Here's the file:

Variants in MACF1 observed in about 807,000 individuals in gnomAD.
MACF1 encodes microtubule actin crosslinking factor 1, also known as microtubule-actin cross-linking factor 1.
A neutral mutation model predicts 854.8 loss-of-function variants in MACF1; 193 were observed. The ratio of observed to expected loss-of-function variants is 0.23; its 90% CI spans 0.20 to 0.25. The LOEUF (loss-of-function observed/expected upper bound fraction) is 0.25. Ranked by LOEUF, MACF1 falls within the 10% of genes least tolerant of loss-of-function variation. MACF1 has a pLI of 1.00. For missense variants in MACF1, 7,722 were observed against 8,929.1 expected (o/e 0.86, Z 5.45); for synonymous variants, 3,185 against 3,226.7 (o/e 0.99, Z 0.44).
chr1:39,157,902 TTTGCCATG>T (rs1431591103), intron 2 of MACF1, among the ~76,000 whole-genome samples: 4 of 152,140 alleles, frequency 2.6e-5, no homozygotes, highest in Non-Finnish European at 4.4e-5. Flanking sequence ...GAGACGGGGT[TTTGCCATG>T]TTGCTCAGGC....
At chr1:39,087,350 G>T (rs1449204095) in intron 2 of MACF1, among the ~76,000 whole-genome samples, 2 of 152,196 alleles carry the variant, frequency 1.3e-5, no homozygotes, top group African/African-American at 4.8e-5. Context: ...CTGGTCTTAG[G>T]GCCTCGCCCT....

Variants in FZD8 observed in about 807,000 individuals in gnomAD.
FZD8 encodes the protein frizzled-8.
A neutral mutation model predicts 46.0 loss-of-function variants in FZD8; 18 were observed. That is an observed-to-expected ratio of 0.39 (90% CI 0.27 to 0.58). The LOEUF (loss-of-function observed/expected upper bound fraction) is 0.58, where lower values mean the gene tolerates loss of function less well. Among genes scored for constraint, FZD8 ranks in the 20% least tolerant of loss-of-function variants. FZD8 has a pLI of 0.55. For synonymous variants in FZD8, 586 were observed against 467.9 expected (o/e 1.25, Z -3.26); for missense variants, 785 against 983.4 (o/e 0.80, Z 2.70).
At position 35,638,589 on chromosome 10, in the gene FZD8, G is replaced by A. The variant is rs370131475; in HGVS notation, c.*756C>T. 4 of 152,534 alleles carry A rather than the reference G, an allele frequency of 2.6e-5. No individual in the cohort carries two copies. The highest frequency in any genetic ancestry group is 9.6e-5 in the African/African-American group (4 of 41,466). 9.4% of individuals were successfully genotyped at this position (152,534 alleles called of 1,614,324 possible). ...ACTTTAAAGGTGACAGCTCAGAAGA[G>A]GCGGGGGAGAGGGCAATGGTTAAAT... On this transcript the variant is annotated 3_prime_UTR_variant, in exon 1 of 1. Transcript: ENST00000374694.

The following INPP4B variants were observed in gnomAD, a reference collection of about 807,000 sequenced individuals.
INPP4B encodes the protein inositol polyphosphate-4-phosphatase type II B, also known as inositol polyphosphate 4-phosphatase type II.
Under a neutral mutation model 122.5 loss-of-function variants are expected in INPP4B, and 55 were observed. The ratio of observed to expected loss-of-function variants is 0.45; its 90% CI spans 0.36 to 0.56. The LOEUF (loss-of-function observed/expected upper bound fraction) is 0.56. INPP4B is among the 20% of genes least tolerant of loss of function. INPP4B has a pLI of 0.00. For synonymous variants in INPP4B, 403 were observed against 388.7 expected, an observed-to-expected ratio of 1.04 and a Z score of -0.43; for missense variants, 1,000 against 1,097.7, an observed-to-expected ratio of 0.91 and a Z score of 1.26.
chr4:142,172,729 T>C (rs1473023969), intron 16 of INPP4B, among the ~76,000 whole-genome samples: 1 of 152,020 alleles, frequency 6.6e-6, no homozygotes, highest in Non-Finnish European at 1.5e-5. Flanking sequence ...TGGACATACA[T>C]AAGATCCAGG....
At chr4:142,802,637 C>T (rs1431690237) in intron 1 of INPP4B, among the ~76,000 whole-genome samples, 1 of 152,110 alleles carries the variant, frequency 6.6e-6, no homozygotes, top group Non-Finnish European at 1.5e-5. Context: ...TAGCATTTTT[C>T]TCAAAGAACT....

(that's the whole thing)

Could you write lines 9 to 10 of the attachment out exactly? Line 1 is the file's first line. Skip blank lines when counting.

At position 35,638,589 on chromosome 10, in the gene FZD8, G is replaced by A. The variant is rs370131475; in HGVS notation, c.*756C>T. 4 of 152,534 alleles carry A rather than the reference G, an allele frequency of 2.6e-5. No individual in the cohort carries two copies. The highest frequency in any genetic ancestry group is 9.6e-5 in the African/African-American group (4 of 41,466). 9.4% of individuals were successfully genotyped at this position (152,534 alleles called of 1,614,324 possible). ...ACTTTAAAGGTGACAGCTCAGAAGA[G>A]GCGGGGGAGAGGGCAATGGTTAAAT... On this transcript the variant is annotated 3_prime_UTR_variant, in exon 1 of 1. Transcript: ENST00000374694.

The following INPP4B variants were observed in gnomAD, a reference collection of about 807,000 sequenced individuals.